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Tweetmail No. 85: Entry-Level, Overtime & Starter

by Michael Smith / Carolina Hurricanes
Hello and welcome to a weekly feature on in which I take your Twitter questions about the Carolina Hurricanes or other assorted topics and answer them in mailbag form. Hopefully, the final product is insightful to some degree, and maybe we have some fun along the way.

Let’s get to it.

The first year of Noah Hanifin’s contract is used if he plays 10 games or more in the National Hockey League.

If he were to be assigned to the American League before playing 10 NHL games, his entry-level contract would be eligible to slide.

Spoiler alert: he’s very likely going to remain with the Hurricanes this season, and that’s not a particularly tough decision at all.

Hanifin has skated in eight of the Hurricanes’ nine games this season, already posting two assists. Much more wise and mature than you might expect an 18-year-old to be, he’s been steady and reliable on the back-end. On Tuesday night’s FOX Sports Carolinas telecast, assistant coach Steve Smith praised Hanifin’s character and work ethic.

The rookie defenseman got his first breather of the season on Tuesday night in Detroit, a chance for him to take in the game from a different angle and, as head coach Bill Peters said, “freshen up.”

Recall the coaching staff took the same approach with Victor Rask in February last season, giving the then-rookie a chance to watch, learn and mentally recharge.

Especially for Hanifin, who made the jump from the college to the pro game, watching 60 minutes from above will give him a unique perspective of the game on the ice; he’ll dissect what he saw with the coaching staff, learn from it and come back ready to go.

In a sense, we’ve already sort of seen this. While 3-on-3 is indeed “organized chaos,” as head coach Bill Peters as described it, a common strategy has prevailed: don’t give up the puck.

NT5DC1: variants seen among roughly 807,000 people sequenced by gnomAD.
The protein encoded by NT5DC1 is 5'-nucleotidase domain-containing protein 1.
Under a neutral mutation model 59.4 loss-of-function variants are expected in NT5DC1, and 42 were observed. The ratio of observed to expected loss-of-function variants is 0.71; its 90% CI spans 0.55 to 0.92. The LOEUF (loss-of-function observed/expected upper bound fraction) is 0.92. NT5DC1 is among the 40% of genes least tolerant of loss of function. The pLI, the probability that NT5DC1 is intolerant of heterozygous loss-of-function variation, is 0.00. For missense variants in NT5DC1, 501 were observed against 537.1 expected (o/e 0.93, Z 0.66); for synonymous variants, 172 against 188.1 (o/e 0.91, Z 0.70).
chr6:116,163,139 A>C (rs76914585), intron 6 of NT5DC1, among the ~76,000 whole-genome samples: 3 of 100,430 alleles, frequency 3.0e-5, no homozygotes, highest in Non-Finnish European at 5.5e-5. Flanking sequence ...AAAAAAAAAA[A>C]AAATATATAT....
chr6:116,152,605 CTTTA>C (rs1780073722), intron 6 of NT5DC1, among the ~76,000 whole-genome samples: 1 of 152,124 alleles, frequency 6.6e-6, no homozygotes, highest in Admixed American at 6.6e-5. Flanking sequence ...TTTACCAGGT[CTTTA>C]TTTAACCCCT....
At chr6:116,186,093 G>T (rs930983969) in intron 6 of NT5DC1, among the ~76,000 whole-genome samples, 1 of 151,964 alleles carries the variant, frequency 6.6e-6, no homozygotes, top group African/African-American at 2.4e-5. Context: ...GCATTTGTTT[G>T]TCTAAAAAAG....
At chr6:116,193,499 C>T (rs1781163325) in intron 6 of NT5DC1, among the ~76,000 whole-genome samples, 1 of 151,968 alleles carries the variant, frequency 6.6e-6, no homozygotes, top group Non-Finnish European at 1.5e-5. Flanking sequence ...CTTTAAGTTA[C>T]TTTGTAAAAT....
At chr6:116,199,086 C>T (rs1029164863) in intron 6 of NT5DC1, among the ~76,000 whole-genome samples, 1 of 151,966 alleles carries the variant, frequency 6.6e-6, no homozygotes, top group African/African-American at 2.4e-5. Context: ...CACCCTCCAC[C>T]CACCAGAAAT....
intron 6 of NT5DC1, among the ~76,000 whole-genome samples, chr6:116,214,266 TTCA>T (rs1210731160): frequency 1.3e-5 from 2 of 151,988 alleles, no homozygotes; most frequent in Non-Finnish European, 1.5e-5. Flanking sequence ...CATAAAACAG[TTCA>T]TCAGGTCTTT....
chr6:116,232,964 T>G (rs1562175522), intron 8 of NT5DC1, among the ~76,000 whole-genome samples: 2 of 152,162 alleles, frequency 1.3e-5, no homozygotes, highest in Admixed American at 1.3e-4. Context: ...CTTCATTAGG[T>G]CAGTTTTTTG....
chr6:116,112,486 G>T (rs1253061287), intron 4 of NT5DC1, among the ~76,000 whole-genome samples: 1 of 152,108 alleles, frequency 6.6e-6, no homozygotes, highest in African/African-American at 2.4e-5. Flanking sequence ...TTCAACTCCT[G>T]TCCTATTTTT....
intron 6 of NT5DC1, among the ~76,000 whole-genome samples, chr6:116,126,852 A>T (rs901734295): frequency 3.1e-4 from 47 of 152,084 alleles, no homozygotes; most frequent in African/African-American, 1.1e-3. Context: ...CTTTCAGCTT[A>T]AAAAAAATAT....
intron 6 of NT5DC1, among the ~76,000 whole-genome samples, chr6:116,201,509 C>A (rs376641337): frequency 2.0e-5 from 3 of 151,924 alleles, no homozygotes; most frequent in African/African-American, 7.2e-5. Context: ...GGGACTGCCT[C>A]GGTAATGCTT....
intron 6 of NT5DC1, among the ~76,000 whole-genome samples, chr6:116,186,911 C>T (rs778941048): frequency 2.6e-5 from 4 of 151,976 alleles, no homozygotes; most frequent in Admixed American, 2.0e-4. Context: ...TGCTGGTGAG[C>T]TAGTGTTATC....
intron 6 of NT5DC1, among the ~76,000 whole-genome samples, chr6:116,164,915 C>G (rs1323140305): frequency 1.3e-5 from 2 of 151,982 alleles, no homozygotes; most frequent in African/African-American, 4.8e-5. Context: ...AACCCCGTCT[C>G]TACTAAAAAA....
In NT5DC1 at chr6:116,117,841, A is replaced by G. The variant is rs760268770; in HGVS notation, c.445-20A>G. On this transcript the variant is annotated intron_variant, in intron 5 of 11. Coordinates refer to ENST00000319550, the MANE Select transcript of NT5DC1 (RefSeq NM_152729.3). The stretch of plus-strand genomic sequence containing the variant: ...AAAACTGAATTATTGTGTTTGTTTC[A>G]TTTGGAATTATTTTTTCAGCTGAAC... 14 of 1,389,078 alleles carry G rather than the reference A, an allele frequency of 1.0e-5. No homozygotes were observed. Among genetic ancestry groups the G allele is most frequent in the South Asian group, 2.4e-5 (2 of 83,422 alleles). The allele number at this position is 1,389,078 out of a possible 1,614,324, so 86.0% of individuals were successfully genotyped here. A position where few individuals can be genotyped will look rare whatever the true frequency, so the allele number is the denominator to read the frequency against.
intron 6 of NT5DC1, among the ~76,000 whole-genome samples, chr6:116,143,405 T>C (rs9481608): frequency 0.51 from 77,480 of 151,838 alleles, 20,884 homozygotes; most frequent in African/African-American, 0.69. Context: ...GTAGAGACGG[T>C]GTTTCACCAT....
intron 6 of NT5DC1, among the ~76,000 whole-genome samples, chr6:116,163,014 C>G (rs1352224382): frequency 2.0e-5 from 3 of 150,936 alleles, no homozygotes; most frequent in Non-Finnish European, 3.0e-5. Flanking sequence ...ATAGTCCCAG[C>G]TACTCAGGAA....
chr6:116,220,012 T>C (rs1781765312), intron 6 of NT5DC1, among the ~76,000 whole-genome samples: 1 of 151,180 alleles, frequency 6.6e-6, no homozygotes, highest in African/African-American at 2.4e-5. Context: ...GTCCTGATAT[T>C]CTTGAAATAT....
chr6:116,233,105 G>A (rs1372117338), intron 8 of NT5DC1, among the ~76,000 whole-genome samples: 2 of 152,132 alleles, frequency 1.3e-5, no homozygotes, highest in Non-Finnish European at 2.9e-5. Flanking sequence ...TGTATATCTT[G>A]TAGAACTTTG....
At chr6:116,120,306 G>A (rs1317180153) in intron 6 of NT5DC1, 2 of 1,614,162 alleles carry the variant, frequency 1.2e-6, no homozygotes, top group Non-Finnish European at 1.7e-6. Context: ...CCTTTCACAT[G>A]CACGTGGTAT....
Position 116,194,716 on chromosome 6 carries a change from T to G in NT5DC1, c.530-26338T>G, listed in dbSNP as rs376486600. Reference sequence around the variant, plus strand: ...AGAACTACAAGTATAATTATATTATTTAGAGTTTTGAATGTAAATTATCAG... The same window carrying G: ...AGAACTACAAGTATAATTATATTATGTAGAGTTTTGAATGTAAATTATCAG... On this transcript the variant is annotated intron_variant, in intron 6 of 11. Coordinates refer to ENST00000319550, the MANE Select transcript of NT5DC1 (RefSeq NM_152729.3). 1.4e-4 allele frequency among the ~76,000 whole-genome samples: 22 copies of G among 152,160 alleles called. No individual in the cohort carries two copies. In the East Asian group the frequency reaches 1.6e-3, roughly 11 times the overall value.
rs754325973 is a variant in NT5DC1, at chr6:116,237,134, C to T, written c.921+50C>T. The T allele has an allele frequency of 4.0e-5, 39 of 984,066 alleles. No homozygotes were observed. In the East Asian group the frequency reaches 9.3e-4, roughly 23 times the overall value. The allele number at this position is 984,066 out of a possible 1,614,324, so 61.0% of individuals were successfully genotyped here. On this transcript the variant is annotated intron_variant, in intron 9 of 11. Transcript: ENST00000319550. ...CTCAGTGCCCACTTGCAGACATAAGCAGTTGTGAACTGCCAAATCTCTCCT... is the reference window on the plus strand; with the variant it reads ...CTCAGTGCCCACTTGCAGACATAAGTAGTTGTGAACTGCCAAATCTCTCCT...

There are a number of ways to maintain possession, and one that has been readily utilized is passing back to the goaltender while the team regroups or rolls a line change. Essentially, the goaltender is being tapped as a fourth skater.

Since joining the Hurricanes coaching staff, goaltending coach David Marcoux has worked closely with Cam Ward and now Eddie Lack to fine-tune their stick handling abilities – more so for playing the puck behind the net and helping to start a rush up the ice, but we’ve already seen this work pay dividends in the new overtime format.

“If you’re under siege, getting pushed up away from the blue line and don’t have anything, you might as well use the goaltender,” Peters said. “You can bring it out of the offensive zone and regroup, too. If you’re under pressure and don’t have a play, instead of giving it up or chipping it down the wall to nobody, you might as well bring it back out.”

Another question about 3-on-3 OT that I’ve seen revolved around power plays: how many players are on the ice, what happens in a two-man advantage and what happens when the penalties end?

There will not be fewer than three skaters per side on the ice at a given time; a power play would result in 4-on-3 play, and a two-man advantage would mean 5-on-3. When the penalized players are released from the box, the teams will play at 4-on-4 or 5-on-5 until the next whistle.

Cam Ward is, unquestionably, the Canes’ starting goaltender and has been since the start of the season. He’s backstopped the Canes to their three victories this season, including a 26-save shutout performance in Colorado. He’s been the difference as of late.

Lack has struggled in his two appearances thus far, especially his latest start in San Jose. But there’s no doubt he will rebound. His numbers through two games this season are not indicative of his potential, and he’ll get another shot, perhaps as soon as this week with the back-to-back in Brooklyn against the Islanders and then back home (after a nine-day road swing, no less) against the Avalanche.


Join me next week for more questions and more answers!

If you have a question you’d like answered or you’d like to vehemently disagree with me on one of the above topics, you can find me on Twitter at @MSmithCanes or drop an email here.

Michael Smith
MICHAEL SMITH is the Web Producer for the Carolina Hurricanes.

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